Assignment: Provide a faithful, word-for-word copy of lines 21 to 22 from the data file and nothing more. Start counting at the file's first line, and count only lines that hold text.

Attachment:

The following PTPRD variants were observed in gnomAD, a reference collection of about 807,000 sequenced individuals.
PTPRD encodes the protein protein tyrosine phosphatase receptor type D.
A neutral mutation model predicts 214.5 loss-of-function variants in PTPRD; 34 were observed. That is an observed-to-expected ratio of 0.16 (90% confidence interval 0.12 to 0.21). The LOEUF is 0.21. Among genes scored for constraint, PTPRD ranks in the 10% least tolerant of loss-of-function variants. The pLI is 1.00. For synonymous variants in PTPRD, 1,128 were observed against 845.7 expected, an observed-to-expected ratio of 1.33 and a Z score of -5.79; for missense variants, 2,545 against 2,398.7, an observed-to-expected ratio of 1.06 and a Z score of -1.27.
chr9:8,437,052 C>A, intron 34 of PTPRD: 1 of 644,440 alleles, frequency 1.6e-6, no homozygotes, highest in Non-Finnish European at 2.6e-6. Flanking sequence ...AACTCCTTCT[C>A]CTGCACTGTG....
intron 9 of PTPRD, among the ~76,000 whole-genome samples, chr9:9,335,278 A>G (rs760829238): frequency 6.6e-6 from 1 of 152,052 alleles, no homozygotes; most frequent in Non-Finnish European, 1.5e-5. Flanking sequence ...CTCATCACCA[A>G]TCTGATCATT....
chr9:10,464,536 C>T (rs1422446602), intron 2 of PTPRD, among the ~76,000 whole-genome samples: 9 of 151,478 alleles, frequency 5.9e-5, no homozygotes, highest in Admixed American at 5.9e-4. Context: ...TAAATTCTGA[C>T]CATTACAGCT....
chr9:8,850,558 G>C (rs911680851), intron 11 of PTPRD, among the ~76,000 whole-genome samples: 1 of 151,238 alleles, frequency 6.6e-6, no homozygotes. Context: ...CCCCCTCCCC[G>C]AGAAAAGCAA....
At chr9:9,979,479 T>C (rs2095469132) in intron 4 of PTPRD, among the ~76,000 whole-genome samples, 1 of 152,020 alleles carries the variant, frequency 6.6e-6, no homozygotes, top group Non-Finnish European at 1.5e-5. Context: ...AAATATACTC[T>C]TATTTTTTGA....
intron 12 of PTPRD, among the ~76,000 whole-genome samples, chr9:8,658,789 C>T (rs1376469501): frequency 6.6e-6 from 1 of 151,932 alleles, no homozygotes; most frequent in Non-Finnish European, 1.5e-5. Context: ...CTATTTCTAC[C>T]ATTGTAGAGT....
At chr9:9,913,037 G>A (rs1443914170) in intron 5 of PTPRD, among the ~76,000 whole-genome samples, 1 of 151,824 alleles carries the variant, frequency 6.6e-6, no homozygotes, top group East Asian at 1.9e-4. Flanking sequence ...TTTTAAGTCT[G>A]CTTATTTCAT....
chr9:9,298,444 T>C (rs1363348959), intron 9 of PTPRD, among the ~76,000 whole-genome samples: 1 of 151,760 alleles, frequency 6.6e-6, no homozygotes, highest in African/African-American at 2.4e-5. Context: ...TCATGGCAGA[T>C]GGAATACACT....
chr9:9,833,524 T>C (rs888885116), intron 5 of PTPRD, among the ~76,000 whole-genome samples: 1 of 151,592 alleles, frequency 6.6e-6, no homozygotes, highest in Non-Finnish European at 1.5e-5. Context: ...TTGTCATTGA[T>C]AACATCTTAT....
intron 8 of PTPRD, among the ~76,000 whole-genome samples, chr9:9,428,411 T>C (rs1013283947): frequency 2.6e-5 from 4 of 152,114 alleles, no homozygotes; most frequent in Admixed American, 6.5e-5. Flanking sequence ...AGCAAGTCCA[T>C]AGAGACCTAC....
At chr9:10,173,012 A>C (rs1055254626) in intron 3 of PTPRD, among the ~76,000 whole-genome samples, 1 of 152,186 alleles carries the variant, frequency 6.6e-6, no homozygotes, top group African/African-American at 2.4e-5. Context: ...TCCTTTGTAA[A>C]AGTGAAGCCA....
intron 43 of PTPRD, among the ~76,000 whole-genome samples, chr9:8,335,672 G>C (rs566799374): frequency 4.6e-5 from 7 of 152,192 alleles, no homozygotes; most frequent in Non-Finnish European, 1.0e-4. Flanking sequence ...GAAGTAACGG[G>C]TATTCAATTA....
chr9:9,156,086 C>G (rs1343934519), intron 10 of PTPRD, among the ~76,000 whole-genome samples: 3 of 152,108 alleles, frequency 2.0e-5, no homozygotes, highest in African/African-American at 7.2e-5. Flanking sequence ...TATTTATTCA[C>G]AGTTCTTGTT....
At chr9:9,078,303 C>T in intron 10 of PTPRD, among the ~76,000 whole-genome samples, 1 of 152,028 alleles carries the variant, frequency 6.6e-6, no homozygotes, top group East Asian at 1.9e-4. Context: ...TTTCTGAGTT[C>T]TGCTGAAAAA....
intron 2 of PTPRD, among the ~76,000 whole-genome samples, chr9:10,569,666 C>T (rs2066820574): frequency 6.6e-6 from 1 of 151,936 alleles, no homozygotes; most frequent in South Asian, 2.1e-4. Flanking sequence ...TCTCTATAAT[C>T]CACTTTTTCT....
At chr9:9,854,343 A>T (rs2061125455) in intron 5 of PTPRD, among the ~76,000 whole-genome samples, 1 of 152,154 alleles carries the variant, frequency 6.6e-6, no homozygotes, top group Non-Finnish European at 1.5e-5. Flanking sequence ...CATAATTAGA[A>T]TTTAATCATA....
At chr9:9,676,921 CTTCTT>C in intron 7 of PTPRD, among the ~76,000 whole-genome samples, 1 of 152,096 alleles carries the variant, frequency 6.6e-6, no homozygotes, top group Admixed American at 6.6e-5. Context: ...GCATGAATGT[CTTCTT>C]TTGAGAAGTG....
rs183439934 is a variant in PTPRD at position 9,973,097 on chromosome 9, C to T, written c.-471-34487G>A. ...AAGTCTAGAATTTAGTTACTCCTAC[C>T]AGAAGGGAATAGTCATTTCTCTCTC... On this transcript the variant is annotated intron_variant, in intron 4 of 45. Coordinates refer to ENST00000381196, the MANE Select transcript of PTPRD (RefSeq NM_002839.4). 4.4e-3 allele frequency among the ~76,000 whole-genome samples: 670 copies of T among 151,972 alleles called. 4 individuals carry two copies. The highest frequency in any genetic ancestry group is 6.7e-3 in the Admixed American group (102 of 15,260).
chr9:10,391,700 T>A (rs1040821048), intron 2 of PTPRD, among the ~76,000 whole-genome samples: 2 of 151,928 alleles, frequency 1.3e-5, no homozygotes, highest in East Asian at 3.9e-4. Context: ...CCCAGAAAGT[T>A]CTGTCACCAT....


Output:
rs183439934 is a variant in PTPRD at position 9,973,097 on chromosome 9, C to T, written c.-471-34487G>A. ...AAGTCTAGAATTTAGTTACTCCTAC[C>T]AGAAGGGAATAGTCATTTCTCTCTC... On this transcript the variant is annotated intron_variant, in intron 4 of 45. Coordinates refer to ENST00000381196, the MANE Select transcript of PTPRD (RefSeq NM_002839.4). 4.4e-3 allele frequency among the ~76,000 whole-genome samples: 670 copies of T among 151,972 alleles called. 4 individuals carry two copies. The highest frequency in any genetic ancestry group is 6.7e-3 in the Admixed American group (102 of 15,260).
chr9:10,391,700 T>A (rs1040821048), intron 2 of PTPRD, among the ~76,000 whole-genome samples: 2 of 151,928 alleles, frequency 1.3e-5, no homozygotes, highest in East Asian at 3.9e-4. Context: ...CCCAGAAAGT[T>A]CTGTCACCAT....